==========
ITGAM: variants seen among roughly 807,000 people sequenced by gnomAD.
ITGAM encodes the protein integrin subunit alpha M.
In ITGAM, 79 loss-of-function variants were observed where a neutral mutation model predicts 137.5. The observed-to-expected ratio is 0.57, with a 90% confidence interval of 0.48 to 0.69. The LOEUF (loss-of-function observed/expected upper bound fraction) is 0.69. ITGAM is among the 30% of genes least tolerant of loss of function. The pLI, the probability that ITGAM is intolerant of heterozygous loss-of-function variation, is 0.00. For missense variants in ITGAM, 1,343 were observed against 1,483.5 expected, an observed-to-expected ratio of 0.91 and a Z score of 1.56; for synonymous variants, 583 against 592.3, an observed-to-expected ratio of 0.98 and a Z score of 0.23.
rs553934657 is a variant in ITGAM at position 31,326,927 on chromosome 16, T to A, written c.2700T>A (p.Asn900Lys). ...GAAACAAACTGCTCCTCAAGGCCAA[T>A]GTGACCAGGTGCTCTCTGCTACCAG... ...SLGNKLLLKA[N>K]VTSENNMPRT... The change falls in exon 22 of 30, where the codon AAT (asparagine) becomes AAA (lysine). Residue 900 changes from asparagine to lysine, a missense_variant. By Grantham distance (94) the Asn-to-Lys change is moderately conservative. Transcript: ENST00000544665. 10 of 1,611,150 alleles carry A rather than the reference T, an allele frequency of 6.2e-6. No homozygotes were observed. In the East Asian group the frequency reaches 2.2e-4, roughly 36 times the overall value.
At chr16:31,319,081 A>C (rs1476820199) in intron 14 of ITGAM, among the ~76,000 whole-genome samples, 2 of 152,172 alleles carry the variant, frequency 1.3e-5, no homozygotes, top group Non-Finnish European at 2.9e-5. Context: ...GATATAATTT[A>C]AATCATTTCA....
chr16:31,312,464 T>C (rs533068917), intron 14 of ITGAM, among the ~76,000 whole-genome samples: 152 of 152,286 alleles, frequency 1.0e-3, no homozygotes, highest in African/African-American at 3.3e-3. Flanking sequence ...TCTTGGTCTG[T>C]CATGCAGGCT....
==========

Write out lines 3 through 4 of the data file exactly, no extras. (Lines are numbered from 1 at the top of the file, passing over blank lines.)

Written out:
In ITGAM, 79 loss-of-function variants were observed where a neutral mutation model predicts 137.5. The observed-to-expected ratio is 0.57, with a 90% confidence interval of 0.48 to 0.69. The LOEUF (loss-of-function observed/expected upper bound fraction) is 0.69. ITGAM is among the 30% of genes least tolerant of loss of function. The pLI, the probability that ITGAM is intolerant of heterozygous loss-of-function variation, is 0.00. For missense variants in ITGAM, 1,343 were observed against 1,483.5 expected, an observed-to-expected ratio of 0.91 and a Z score of 1.56; for synonymous variants, 583 against 592.3, an observed-to-expected ratio of 0.98 and a Z score of 0.23.
rs553934657 is a variant in ITGAM at position 31,326,927 on chromosome 16, T to A, written c.2700T>A (p.Asn900Lys). ...GAAACAAACTGCTCCTCAAGGCCAA[T>A]GTGACCAGGTGCTCTCTGCTACCAG... ...SLGNKLLLKA[N>K]VTSENNMPRT... The change falls in exon 22 of 30, where the codon AAT (asparagine) becomes AAA (lysine). Residue 900 changes from asparagine to lysine, a missense_variant. By Grantham distance (94) the Asn-to-Lys change is moderately conservative. Transcript: ENST00000544665. 10 of 1,611,150 alleles carry A rather than the reference T, an allele frequency of 6.2e-6. No homozygotes were observed. In the East Asian group the frequency reaches 2.2e-4, roughly 36 times the overall value.